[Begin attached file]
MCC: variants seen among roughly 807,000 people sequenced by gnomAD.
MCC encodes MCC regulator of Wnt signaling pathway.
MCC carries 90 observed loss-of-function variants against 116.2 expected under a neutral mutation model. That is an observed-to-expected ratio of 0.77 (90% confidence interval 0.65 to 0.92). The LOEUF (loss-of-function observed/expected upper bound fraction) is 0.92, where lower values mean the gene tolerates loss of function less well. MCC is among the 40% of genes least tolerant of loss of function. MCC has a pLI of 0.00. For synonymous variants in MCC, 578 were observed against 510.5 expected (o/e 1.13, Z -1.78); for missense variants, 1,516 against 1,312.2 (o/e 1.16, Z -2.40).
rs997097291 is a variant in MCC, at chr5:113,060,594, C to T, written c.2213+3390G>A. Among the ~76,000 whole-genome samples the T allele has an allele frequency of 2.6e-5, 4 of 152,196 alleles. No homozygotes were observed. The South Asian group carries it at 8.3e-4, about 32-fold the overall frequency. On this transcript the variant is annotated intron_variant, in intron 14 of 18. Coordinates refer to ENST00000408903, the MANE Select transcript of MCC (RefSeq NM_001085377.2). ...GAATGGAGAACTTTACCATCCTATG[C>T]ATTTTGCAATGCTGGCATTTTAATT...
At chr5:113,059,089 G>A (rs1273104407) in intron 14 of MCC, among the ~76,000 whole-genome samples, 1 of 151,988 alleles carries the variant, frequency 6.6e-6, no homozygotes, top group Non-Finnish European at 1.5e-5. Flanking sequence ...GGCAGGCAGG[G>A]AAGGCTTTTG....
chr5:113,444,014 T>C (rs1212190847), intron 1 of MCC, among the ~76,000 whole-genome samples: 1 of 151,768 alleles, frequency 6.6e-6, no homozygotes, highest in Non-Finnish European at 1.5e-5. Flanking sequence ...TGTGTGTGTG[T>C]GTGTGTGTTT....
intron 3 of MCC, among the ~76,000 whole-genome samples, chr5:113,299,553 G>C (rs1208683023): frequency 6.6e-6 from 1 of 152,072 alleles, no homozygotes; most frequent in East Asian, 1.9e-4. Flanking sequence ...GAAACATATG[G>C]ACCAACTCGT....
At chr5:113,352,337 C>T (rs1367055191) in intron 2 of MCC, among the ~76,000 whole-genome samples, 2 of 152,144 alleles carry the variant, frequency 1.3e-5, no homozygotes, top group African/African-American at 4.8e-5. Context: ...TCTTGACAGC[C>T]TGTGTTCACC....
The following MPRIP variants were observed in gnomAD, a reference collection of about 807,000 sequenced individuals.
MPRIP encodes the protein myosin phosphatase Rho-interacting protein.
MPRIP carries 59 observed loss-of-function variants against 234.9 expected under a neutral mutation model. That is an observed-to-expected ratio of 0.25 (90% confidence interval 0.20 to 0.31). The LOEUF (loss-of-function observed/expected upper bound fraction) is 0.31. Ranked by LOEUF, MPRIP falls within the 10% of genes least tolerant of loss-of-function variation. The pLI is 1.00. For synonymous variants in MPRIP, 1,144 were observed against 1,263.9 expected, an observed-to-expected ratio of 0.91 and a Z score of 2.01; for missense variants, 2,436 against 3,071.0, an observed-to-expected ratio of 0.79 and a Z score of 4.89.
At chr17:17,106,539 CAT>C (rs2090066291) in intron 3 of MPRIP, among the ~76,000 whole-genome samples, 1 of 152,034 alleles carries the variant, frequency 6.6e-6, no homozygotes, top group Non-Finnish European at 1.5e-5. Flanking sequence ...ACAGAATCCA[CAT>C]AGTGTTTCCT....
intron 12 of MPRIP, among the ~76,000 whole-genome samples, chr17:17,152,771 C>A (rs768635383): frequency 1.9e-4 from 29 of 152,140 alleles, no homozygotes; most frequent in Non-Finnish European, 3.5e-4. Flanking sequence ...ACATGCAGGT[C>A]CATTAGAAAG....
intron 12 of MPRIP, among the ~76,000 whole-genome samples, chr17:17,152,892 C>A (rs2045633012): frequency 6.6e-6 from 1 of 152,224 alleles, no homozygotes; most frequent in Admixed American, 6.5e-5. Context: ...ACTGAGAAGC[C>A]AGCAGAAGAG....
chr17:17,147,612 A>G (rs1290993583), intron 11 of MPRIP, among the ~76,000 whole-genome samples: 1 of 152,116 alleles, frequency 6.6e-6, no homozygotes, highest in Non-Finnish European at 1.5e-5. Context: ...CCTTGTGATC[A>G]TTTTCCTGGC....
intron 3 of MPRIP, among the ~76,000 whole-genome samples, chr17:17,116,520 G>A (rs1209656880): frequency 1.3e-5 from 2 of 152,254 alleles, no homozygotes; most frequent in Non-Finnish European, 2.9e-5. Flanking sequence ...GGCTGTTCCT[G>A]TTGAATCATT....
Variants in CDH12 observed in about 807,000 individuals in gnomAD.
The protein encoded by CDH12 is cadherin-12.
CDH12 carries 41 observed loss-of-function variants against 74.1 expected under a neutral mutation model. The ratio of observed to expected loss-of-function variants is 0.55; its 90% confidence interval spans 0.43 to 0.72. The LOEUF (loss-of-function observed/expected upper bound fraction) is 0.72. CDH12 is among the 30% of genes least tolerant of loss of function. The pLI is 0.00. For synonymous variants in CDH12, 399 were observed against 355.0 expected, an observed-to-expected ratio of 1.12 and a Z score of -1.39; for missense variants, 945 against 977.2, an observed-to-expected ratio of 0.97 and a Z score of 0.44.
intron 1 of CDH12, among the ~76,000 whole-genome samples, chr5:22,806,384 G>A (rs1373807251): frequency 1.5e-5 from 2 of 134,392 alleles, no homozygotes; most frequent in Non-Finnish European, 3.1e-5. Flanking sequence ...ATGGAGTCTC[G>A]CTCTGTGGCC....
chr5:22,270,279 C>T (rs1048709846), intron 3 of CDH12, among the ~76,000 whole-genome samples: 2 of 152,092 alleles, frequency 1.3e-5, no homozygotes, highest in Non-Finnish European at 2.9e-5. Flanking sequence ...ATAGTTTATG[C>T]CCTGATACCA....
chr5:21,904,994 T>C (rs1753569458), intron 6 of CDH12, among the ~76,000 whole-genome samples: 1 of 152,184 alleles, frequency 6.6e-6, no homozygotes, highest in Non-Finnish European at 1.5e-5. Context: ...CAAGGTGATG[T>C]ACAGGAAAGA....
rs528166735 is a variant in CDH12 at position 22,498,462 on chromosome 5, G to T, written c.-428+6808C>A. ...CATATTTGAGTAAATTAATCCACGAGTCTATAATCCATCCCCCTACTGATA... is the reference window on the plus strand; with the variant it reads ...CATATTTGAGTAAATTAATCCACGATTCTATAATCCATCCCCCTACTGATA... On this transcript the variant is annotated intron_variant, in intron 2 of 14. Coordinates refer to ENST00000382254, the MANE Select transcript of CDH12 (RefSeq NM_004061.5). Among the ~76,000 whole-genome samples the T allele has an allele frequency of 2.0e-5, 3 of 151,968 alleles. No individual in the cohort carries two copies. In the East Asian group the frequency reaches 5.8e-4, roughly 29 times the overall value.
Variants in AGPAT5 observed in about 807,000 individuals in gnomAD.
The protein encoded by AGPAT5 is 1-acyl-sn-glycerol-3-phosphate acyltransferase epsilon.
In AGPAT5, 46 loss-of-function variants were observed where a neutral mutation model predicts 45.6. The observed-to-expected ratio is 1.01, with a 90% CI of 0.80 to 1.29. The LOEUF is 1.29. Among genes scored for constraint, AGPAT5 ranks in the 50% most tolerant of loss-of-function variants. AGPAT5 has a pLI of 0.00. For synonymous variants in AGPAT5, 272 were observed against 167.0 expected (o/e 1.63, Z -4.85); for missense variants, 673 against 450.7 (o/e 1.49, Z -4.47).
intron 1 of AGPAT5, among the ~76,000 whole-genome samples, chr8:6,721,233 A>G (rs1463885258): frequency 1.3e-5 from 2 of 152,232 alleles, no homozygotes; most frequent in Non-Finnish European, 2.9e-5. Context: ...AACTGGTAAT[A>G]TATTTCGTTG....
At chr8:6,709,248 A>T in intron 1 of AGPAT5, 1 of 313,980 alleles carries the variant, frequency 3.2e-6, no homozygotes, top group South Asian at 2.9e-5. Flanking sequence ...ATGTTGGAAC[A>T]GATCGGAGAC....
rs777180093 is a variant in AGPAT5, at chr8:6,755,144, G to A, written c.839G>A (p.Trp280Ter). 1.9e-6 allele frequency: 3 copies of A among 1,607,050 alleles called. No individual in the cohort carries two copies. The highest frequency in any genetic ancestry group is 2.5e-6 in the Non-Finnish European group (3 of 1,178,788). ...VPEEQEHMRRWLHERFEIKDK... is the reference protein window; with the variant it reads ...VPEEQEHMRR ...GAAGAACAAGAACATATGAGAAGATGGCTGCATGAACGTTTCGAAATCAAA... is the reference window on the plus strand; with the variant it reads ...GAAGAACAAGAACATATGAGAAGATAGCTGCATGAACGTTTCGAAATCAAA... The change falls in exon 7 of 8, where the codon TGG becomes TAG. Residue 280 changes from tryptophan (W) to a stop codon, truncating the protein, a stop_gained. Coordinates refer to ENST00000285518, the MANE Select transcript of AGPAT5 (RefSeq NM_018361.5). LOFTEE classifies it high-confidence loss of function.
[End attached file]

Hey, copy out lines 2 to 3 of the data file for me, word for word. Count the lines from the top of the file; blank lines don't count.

MCC encodes MCC regulator of Wnt signaling pathway.
MCC carries 90 observed loss-of-function variants against 116.2 expected under a neutral mutation model. That is an observed-to-expected ratio of 0.77 (90% confidence interval 0.65 to 0.92). The LOEUF (loss-of-function observed/expected upper bound fraction) is 0.92, where lower values mean the gene tolerates loss of function less well. MCC is among the 40% of genes least tolerant of loss of function. MCC has a pLI of 0.00. For synonymous variants in MCC, 578 were observed against 510.5 expected (o/e 1.13, Z -1.78); for missense variants, 1,516 against 1,312.2 (o/e 1.16, Z -2.40).